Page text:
• 7. Sub Committee on Natural Disaster Reduction. Nov 2000 Effective Disaster Warnings. Washington, D.C. 41pp.http://www.nnic.noaa.gov/CENR/NDIS_rev_Oct27.pdf Notebook of readings to be distributed in class GIS Materials distributed in class References: Alter, Steven, 1999. Information Systems and Management. Calvo, A.B. AV. Fullerton, and M.F. Vetter. U.s. Dept. of Commerce. 1997. Information Technology and Emergency Response. NTIS Chartrand, R.L, and K.C. Chartrand. 1988. Strategies and Systems for Disaster Survival: The Symposium on Information Technology and Emergency Management. Research Associates, Rockville, Md. 281. Pp. National Research Council, Computer Science and Telecommunications Board. 1996. The Unpredictable Uncertainty: Information Infrastructure Through 2000. National Academy Press. Washington. 281 pp. Waugh, Jr., William. 1999. Living with Hazards, Dealing with Disasters: An Introduction to Emergency Management. NY: M.E. Sharpe.1999 International Federation of Red Cross and Red Crescent Societies. (year). World Disasters Report (year) Oxford University Press. Oxford, UK (Annual publication)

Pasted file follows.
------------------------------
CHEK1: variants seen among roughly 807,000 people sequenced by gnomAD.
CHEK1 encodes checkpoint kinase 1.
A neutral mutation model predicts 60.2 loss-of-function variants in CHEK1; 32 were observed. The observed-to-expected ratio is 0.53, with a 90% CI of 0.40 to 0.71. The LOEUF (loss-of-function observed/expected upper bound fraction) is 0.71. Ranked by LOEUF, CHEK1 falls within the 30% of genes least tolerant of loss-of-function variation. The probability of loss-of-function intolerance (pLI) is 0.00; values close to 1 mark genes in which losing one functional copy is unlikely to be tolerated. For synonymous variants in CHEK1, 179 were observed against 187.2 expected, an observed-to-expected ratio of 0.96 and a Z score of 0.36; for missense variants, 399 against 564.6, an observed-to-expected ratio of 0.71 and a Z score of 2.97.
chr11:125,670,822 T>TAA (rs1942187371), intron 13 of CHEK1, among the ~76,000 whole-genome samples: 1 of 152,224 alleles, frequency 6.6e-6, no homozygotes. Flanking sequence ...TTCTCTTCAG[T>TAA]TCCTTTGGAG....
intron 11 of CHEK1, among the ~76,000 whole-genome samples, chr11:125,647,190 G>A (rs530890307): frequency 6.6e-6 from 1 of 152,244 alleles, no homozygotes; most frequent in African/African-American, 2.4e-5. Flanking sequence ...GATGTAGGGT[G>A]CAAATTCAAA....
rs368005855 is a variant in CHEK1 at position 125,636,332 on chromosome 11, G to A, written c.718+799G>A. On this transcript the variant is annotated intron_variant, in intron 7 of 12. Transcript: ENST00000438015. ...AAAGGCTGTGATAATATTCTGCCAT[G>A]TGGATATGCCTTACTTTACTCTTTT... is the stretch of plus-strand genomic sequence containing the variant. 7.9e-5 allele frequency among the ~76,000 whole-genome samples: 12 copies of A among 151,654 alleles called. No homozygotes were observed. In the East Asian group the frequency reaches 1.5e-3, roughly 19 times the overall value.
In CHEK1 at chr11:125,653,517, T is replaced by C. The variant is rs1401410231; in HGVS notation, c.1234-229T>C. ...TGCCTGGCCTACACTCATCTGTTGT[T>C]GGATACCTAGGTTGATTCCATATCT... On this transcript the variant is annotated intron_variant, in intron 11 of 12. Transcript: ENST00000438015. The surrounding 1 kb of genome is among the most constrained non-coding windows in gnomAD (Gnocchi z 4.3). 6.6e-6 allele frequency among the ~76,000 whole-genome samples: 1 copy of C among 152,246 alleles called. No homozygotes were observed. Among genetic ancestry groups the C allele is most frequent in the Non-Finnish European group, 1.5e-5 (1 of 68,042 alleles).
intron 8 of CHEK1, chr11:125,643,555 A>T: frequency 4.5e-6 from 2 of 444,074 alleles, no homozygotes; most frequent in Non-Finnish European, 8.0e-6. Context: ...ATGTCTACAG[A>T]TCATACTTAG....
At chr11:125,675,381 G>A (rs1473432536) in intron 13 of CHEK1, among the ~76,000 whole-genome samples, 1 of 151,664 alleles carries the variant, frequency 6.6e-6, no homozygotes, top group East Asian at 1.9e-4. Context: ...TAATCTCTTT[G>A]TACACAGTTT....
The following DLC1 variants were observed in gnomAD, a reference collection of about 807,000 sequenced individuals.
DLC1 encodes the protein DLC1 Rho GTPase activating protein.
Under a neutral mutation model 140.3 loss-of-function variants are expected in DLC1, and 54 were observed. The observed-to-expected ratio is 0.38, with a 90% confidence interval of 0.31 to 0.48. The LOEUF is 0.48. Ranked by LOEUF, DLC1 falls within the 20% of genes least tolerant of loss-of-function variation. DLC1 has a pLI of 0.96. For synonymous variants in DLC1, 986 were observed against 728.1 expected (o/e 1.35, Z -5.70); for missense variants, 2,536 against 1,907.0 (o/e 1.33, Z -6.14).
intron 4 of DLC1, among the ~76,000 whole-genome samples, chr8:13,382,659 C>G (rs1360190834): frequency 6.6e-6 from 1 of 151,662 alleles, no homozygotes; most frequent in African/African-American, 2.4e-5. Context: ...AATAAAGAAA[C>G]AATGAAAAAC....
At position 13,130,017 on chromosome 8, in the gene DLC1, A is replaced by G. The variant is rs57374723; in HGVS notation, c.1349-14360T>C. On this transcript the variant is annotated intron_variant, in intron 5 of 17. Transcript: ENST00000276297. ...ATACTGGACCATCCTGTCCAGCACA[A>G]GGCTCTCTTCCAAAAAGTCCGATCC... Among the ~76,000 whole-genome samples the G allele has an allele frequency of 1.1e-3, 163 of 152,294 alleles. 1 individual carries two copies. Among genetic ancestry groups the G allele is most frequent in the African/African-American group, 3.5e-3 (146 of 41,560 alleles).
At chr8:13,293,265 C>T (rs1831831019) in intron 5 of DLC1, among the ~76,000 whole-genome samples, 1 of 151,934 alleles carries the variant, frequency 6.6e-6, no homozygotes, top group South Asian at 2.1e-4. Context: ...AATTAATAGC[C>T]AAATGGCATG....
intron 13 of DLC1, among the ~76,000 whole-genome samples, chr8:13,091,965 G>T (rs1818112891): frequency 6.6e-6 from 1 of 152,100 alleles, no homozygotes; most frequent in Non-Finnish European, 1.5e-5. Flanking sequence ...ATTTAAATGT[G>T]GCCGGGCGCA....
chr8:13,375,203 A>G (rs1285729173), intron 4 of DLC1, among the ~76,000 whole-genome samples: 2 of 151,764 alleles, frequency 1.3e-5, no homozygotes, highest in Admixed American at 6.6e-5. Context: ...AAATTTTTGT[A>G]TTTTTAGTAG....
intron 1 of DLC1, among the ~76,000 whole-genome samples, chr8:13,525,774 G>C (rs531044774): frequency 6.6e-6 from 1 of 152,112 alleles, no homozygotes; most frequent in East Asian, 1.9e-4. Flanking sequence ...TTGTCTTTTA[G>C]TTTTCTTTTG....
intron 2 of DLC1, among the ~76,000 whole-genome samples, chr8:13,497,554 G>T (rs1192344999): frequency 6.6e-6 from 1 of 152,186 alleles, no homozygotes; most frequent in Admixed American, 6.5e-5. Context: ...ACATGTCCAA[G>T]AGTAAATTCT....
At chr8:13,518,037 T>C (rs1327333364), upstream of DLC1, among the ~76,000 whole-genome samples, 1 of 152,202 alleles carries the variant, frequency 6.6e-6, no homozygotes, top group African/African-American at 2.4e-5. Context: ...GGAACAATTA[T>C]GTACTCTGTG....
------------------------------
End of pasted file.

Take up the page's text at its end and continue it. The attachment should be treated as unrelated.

• 8. EMSE 234: Management of Risk and Vulnerability for Natural and Technological Hazards Summer 2002 General Course Information EMSE 234.10 Management of Risk and Vulnerability for Natural and Technological Hazards Wednesday, 6:00 PM – 9:00 PM Arlington, VA Graduate Education Instructor Information Lead Professor - Dr. J. Rene van Dorp Assistant Professor of Engineering Management and Systems Engineering Office Address: Staugthon Hall, Office 207, 707 22nd Street, NW, Washington DC 20052 Telephone Number: 202-994-6638 Fax Number: 202-994-4606 E-mail:dorpjr@seas.gwu.edu Office Hours: Wednesday - 9:00 to 11:00 PM or by Appointment Course Instructor – Mr. Duane Bonniface Course Description "Natural Hazards have always been part of human history. But in the modern world there is an increasing paradox between the outstanding achievements of science and medicine and the continuing destruction associated with the extremes of nature. Science itself is not without hazard and has led to the comparatively recent emergence of threats which arise from the misapplication and failure of technology. People and property are now at risk not only from geophysical events, such as earth quakes and floods, but also from industrial explosions, the release of toxic substances and major transport accidents." (Source: Environmental Hazards, Keith Smith 1992). Risk managers have to manage risk in a meaningful manner. This requires that risk managers can function as intermediaries between quantitative risk assessors and risk takers (e.g. the institution employing the risk manager or more general the public). To that end it is important that risk managers have a common understanding of quantitative risk assessment techniques and their limitations as well as a common understanding of risk communication and risk perception issues. Recommended Prerequisites: ApSc 115 and EMGT 269 Students are not expected to perform quantitative analyses similar to the analyses performed in the prerequisite classes. However, students will benefit more from and appreciate more the risk assesmentrisk management concepts discussed in this class with a working knowledge of the prerequisite cases.